A freshly caught salmon on the barbecue or a pot heavy with crab or prawns are what fulfills many Northwest boater’s dreams. Add to that discovering a beach full of clams, mussels or tasty oysters and the cruising life doesn’t get much better. Whether you favor Dungeness crab, fresh-caught salmon or lingcod, mussels or oysters, the water of the inside passage is home to an abundance of tasty seafood that is fun to harvest.
Keys to success:
- Knowing the regulations
Cruising Angler – Beneath The Hull Is Mother Nature’s Refrigerator
Fishing for salmon is popular with cruisers throughout the Inside Passage and the big prize for many anglers. The area supports runs of all five species.
Many use downriggers for controlled depth trolling while moving from one destination to another. However, there are other ways to pursue salmon without the cost of downriggers: trolling with planning divers; mooching and jigging.
Divers will take your offering to a depth of 10 to 60-feet when trolling. Mooching is the act of vertical fishing with a weight and bait from a drifting boat. Jigging is done with a weighted lure that is raised and lowered vertically creating the appearance of baitfish.
Find the baitfish, and your odds of success will increase. Baitfish congregate along tide rips and back eddies which form on the down current sides of points and reefs.
In addition to salmon, lingcod, halibut and rockfish are popular fisheries.
In the Northwest, recreational crabbing means Dungeness and red rock crab. Dungeness are larger than rock crab and have a higher to total body weight ratio. Regulations require that all female crabs are released. They can be identified by examining their underside.
Most recreational crabbing takes place in 30 to 150-feet of water. Crab prefer a sandy or cobble bottom with vegetation like eelgrass nearby and in relatively low current flow habitats.
All you need to get started is a baited crab pot attached to a line connected to a surface float. Crab traps come in different shapes and sizes, and pot regulations vary between states and province. Some traps have two entrances while others have four. These entryways are designed so that crabs can get in easily yet find it much harder to get out.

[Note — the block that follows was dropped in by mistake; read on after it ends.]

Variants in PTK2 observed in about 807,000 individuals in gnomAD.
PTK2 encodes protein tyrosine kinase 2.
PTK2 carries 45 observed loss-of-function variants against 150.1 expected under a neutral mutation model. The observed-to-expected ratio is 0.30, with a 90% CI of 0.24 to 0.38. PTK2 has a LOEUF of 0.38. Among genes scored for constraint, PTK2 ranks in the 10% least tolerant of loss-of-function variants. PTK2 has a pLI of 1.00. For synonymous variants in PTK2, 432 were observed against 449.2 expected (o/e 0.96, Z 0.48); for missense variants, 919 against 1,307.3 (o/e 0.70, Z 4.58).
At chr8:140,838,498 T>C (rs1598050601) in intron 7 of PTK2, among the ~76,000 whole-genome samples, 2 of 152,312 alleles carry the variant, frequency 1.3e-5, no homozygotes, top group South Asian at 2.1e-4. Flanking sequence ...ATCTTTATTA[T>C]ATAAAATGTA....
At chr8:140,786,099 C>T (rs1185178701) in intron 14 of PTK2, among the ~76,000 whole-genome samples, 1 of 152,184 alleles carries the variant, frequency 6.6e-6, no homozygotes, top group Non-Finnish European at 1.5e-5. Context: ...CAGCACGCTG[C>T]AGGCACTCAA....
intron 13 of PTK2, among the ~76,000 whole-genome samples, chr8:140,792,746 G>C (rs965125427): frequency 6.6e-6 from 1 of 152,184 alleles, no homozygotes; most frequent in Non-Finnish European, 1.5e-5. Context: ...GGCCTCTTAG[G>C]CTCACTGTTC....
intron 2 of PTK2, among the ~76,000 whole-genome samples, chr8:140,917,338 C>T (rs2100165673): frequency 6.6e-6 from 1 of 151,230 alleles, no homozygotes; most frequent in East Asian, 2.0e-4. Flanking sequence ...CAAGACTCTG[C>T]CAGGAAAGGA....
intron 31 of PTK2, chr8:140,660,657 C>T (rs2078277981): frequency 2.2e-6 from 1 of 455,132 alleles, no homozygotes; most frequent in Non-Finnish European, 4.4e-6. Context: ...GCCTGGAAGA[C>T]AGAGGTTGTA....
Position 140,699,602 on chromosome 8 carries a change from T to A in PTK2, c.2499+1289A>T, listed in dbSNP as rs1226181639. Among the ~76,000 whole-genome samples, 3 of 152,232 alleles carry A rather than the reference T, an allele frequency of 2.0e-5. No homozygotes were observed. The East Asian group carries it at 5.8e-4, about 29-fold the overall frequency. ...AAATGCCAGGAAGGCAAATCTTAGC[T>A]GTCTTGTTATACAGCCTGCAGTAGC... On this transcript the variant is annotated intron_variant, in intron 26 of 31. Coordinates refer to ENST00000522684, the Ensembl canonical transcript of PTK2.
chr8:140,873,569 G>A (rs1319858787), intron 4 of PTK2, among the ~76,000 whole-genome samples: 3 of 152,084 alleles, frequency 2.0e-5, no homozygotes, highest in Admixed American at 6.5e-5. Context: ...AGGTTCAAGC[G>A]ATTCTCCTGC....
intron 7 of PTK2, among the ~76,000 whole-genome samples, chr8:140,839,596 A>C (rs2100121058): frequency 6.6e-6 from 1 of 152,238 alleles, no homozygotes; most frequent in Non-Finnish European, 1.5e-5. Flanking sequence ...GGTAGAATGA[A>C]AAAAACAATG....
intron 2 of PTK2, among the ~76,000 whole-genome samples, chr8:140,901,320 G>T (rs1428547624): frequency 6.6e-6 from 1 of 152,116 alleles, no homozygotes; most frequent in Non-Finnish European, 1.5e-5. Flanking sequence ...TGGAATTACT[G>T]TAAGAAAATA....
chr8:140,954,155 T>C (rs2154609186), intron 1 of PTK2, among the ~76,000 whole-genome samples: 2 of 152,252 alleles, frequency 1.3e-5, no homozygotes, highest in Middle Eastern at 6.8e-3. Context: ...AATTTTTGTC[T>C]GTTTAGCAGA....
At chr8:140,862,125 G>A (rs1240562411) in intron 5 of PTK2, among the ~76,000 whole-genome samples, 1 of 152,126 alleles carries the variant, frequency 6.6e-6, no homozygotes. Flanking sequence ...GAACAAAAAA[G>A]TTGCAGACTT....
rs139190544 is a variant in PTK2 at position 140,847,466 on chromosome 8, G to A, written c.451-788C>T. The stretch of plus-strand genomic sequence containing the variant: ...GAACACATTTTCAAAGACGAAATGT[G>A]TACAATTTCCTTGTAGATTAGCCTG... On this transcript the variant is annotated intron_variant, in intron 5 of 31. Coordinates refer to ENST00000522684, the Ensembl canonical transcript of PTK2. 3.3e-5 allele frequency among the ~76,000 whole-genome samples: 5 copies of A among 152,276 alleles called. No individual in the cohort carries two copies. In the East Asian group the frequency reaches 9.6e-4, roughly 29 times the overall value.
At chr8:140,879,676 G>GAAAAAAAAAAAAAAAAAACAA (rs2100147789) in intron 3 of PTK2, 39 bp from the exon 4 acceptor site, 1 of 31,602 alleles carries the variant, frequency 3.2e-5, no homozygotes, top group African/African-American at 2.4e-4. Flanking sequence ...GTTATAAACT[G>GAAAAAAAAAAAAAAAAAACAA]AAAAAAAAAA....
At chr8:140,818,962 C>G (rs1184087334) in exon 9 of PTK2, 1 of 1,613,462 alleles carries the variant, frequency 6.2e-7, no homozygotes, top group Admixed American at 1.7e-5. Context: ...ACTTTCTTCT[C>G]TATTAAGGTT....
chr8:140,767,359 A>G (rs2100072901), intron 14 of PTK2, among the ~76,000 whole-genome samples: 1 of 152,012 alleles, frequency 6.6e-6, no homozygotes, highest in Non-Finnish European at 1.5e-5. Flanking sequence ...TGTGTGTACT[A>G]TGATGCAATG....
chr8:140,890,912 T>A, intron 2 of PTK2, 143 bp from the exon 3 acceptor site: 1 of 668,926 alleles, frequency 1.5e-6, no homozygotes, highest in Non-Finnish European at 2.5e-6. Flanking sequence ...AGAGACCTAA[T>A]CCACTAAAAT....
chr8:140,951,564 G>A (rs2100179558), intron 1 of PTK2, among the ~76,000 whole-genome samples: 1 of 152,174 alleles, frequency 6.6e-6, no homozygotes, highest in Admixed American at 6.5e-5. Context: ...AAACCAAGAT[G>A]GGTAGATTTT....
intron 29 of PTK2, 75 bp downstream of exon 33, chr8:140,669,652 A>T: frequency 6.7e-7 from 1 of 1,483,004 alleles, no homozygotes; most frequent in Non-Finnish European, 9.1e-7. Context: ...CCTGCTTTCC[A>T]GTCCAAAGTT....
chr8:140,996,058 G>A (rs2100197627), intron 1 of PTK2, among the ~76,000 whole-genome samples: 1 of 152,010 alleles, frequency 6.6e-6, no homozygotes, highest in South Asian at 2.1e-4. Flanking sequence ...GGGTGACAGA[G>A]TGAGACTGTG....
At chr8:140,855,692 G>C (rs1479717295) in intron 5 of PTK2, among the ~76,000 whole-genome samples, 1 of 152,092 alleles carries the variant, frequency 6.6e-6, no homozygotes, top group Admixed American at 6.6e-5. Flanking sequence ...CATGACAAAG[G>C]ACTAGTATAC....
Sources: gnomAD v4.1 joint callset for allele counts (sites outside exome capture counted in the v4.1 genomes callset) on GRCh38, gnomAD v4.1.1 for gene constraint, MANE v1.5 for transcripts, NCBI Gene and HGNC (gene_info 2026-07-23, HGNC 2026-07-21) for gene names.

The four entrance model makes more sense because whichever way the trap lands on the bottom there will be one entry in line with the current flow. This is important. If the trap is misaligned, the crabs will find it but not the entry port because the scent trail keeps them on the wrong side of the trap.
The amount of line should allow for a two-to-one scope from the float to the pot. Use a sinking line. Do not use polypropylene line because it floats, becoming a hazard for propellers of passing boats.
Canned cat food, fish carcasses, and uncooked chicken parts all work well as baits.
More than 80 species of shrimp inhabit Pacific coast waters. Only seven species though are regularly captured for consumption by sports harvesters. Spot shrimp (also referred to as prawns or spot prawns) are the largest shrimp and most popular with sports anglers.
Prawns are transitory and may be plentiful in an area one day and scarce the next. Most frequently found at depths of 150 to 300 feet, spot shrimp tend to inhabit rocky drop-offs or hard bottoms with moderate tidal flows.
Equipment consists of a prawn trap and a bait container that is secured to the center of the trap. The trap needs to be heavy enough to not move in the current, prawn will not enter a moving trap. You will also need enough sinking line to fish 300-feet down. All of this gear is secured to a large, highly visible float, marked in accordance with the area’s regulations.
A trap puller like those offered by Scotty’s Hardware or Ace Hardware is a must unless you have really strong arms and back.
Good baits are very oily. Many cruisers mix a bait of seafood-flavored cat food, commercially produced prawn pellets and a liquid shrimp attractor the night before. The oil leaves a potent scent trail which draws the prawns into the trap.
Soak the trap(s) for at least four hours, overnight is even better.
Clams, Mussels, and Oysters
Nothing is quite like finding dinner strolling along the beach. Manila, butter, native littlenecks clams, mussels and Pacific and Olympia oysters are available – all but the mussels and oysters require a little digging, but that’s half the fun.
Some area regulations require all recreationally harvested oysters to be shucked on the beach so the next generation of oysters can reuse the empty shell.
Of the two species of mussels found in the inland waterways of the Northwest, the Foolish mussel is the most commonly used for the table. It grows to a length of about three inches and is found mainly in sheltered waters attached to gravel, boulders, and floats. Mussels are detached, byssus or “beard” removed, scrubbed clean, and the then steamed or cooked like clams.
For the same reasons they are so flavorful, clams, mussels, and oysters are also susceptible to toxins: as filter feeders, they concentrate the elements and compounds that are passed through each step of the food chain. Because of this, it’s important to pay attention to Red Tide and beach closures.
Know Before You Go
Regulations for finfish and invertebrates are complex, vary from area to area, and can change during the season, so check the regulations before you wet a line, drop a pot or stroll the beach.
- Washington Department of Fish & Wildlife – http://wdfw.wa.gov
- Marine Biotoxin Bulletin – https://fortress.wa.gov/doh/eh/portal/odw/si/BiotoxinBulletin.aspx
- Fisheries and Oceans Pacific Region – http://www.pac.dfo-mpo.gc.ca/index-eng.html
- Red Tide and Sanitary – http://www.pac.dfo-mpo.gc.ca/fm-gp/contamination/biotox/index-eng.html
- Alaska Department of Fish and Game – http://adfg.alaska.gov
~ Deane Hislop